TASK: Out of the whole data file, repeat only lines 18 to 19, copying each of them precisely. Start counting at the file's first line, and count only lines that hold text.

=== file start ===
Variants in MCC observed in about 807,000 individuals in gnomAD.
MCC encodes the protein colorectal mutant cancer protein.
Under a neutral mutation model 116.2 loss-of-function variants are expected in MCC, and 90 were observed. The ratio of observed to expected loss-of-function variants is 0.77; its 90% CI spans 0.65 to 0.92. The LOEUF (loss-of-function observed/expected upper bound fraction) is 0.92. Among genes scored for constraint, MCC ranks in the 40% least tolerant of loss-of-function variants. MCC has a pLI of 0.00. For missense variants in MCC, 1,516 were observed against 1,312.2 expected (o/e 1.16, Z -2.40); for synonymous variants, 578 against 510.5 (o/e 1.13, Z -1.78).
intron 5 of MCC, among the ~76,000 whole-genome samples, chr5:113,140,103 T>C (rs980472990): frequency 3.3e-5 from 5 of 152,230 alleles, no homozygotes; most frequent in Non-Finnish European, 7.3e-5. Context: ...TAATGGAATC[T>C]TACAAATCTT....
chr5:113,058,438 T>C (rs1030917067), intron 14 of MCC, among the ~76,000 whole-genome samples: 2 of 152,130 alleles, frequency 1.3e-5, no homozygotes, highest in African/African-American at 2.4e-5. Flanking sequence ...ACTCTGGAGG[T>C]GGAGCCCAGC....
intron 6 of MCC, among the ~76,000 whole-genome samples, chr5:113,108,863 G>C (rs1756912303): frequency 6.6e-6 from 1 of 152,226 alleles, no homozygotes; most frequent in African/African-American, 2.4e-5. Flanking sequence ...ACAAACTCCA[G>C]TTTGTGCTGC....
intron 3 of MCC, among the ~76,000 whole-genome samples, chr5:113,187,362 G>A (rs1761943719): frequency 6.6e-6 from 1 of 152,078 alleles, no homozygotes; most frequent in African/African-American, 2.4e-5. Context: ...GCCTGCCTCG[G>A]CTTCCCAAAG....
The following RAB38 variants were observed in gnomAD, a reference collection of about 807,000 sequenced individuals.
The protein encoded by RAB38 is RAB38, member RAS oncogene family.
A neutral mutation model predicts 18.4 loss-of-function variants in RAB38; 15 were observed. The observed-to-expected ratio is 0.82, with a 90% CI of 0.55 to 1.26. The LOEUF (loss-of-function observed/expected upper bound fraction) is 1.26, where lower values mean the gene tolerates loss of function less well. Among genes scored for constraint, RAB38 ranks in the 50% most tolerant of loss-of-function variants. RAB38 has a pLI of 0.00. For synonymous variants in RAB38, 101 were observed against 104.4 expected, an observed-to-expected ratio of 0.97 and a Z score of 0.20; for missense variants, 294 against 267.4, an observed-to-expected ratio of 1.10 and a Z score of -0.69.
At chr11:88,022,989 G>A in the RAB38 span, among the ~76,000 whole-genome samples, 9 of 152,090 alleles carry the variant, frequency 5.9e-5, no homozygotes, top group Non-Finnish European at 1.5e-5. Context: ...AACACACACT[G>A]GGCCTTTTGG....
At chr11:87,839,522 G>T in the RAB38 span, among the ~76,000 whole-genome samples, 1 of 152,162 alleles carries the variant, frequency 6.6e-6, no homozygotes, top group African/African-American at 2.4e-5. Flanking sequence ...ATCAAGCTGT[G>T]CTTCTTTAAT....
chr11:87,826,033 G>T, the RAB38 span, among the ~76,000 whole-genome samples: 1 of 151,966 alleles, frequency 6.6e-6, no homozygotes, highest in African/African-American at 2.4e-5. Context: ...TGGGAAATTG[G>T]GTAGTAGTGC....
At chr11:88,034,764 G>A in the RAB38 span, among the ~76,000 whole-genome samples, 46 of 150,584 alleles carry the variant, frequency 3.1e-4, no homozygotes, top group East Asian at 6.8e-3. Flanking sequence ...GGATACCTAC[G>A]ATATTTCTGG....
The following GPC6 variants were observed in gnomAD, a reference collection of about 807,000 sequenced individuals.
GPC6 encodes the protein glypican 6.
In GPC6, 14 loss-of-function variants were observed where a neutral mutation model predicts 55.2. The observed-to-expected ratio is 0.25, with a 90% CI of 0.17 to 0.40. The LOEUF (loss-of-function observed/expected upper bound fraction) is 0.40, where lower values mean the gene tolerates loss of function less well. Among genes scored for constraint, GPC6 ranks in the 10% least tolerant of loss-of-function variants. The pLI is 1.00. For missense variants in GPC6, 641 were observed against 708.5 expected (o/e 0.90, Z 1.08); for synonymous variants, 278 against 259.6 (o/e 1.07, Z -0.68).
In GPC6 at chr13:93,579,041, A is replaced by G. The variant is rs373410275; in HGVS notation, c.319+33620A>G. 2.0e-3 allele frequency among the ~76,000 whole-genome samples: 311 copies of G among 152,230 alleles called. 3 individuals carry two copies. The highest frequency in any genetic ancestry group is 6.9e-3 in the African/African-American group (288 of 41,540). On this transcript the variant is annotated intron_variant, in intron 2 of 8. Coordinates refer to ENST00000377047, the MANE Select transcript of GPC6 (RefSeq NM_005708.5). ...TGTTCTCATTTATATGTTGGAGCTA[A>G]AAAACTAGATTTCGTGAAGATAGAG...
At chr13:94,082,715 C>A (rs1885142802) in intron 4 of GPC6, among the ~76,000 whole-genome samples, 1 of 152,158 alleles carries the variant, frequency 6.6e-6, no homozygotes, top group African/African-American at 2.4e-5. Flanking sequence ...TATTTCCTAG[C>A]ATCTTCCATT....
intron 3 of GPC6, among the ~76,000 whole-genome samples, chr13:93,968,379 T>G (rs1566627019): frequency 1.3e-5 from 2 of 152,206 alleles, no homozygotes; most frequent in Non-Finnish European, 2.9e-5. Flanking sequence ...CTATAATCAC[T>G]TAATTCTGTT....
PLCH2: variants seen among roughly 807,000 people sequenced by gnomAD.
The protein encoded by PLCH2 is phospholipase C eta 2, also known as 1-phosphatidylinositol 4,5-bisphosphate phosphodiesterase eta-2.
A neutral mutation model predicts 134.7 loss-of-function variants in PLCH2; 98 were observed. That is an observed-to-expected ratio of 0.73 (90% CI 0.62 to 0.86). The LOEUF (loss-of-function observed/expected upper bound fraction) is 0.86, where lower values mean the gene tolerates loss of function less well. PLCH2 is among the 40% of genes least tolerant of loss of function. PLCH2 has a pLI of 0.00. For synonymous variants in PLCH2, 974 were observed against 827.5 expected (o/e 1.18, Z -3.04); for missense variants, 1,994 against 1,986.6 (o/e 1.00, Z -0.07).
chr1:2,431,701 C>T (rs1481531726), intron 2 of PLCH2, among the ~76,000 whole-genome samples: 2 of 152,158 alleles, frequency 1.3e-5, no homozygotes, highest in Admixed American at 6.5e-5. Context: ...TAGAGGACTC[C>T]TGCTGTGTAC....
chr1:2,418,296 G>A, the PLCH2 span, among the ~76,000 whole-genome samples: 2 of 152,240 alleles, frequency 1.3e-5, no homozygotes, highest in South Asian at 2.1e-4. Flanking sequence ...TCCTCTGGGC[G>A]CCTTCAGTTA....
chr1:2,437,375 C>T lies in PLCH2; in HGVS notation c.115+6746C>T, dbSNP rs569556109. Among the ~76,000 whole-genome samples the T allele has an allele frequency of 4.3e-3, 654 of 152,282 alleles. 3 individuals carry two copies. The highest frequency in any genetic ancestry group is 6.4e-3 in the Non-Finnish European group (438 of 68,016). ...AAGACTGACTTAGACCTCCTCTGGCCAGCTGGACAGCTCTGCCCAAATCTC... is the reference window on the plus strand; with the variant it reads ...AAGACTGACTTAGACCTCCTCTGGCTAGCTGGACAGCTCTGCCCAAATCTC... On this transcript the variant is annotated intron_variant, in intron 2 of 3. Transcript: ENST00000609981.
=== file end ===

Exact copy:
In GPC6 at chr13:93,579,041, A is replaced by G. The variant is rs373410275; in HGVS notation, c.319+33620A>G. 2.0e-3 allele frequency among the ~76,000 whole-genome samples: 311 copies of G among 152,230 alleles called. 3 individuals carry two copies. The highest frequency in any genetic ancestry group is 6.9e-3 in the African/African-American group (288 of 41,540). On this transcript the variant is annotated intron_variant, in intron 2 of 8. Coordinates refer to ENST00000377047, the MANE Select transcript of GPC6 (RefSeq NM_005708.5). ...TGTTCTCATTTATATGTTGGAGCTA[A>G]AAAACTAGATTTCGTGAAGATAGAG...
At chr13:94,082,715 C>A (rs1885142802) in intron 4 of GPC6, among the ~76,000 whole-genome samples, 1 of 152,158 alleles carries the variant, frequency 6.6e-6, no homozygotes, top group African/African-American at 2.4e-5. Flanking sequence ...TATTTCCTAG[C>A]ATCTTCCATT....